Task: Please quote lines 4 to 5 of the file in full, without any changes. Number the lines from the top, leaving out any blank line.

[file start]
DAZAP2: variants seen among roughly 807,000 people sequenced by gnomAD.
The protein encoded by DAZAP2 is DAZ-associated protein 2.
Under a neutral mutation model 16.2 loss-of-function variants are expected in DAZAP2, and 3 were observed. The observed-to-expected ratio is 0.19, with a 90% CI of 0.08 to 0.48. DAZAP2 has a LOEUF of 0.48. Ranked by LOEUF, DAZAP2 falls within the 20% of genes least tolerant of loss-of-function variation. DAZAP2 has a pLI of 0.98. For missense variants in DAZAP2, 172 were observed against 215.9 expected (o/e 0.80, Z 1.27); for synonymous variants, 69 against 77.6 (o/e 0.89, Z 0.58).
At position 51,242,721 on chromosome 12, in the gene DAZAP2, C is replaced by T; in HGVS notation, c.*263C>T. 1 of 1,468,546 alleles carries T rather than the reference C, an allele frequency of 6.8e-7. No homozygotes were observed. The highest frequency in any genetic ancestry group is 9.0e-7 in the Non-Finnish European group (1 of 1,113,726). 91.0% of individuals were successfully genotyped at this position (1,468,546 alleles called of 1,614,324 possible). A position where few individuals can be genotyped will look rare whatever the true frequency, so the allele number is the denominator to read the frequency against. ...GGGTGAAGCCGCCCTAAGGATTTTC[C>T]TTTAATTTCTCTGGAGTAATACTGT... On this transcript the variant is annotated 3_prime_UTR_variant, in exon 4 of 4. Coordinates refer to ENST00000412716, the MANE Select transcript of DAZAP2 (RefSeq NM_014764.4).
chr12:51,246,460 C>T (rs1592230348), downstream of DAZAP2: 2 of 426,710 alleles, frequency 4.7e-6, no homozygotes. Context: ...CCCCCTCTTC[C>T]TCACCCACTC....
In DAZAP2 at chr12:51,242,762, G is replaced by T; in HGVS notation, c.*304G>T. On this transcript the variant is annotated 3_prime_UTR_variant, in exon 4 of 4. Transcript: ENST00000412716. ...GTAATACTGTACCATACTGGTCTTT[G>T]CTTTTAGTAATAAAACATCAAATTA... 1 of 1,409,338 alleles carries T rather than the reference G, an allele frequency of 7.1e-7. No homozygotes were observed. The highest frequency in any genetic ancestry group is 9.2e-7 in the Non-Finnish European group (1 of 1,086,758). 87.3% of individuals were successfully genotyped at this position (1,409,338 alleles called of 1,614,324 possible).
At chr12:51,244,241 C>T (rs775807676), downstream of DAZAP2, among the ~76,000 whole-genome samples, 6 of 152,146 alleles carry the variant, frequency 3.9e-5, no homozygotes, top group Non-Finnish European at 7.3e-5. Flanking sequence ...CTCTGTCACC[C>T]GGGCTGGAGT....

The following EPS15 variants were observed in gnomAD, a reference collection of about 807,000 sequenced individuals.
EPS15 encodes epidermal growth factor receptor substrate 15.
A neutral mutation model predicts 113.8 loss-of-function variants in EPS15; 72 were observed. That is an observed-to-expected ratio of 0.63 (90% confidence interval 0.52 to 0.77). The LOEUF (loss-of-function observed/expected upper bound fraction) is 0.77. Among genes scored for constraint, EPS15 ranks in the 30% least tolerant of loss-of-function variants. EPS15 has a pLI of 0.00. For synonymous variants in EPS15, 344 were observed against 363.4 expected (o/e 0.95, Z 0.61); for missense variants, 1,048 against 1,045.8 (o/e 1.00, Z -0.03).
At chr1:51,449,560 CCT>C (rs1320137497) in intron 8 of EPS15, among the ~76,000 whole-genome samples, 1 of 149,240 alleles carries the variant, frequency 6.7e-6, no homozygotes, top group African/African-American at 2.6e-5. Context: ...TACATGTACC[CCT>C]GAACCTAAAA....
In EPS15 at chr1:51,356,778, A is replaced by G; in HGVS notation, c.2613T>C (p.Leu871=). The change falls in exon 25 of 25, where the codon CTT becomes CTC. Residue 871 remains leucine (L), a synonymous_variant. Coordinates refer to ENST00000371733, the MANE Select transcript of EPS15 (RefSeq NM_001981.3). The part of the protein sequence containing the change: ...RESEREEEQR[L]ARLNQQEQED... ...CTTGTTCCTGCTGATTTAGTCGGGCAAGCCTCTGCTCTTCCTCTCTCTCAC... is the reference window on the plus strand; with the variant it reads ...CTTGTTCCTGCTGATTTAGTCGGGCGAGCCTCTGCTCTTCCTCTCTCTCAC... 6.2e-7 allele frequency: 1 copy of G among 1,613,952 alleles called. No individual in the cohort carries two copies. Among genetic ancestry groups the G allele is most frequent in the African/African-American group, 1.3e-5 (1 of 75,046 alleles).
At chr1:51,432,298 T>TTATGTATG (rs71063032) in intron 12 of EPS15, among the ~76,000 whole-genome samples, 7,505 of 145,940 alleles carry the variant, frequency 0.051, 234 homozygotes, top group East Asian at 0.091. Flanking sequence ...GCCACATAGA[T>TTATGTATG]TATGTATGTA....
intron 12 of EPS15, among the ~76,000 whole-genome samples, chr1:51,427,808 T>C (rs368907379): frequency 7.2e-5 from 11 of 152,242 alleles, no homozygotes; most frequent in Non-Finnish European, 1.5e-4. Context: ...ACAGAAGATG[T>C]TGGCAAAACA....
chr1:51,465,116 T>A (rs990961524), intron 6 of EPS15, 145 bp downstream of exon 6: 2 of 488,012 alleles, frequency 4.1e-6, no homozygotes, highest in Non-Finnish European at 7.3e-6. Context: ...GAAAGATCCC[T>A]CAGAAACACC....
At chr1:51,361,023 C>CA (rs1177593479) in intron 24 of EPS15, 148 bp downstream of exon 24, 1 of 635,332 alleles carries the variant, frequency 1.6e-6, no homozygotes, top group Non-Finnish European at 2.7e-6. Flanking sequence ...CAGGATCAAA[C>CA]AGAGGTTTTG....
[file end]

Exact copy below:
At position 51,242,721 on chromosome 12, in the gene DAZAP2, C is replaced by T; in HGVS notation, c.*263C>T. 1 of 1,468,546 alleles carries T rather than the reference C, an allele frequency of 6.8e-7. No homozygotes were observed. The highest frequency in any genetic ancestry group is 9.0e-7 in the Non-Finnish European group (1 of 1,113,726). 91.0% of individuals were successfully genotyped at this position (1,468,546 alleles called of 1,614,324 possible). A position where few individuals can be genotyped will look rare whatever the true frequency, so the allele number is the denominator to read the frequency against. ...GGGTGAAGCCGCCCTAAGGATTTTC[C>T]TTTAATTTCTCTGGAGTAATACTGT... On this transcript the variant is annotated 3_prime_UTR_variant, in exon 4 of 4. Coordinates refer to ENST00000412716, the MANE Select transcript of DAZAP2 (RefSeq NM_014764.4).
chr12:51,246,460 C>T (rs1592230348), downstream of DAZAP2: 2 of 426,710 alleles, frequency 4.7e-6, no homozygotes. Context: ...CCCCCTCTTC[C>T]TCACCCACTC....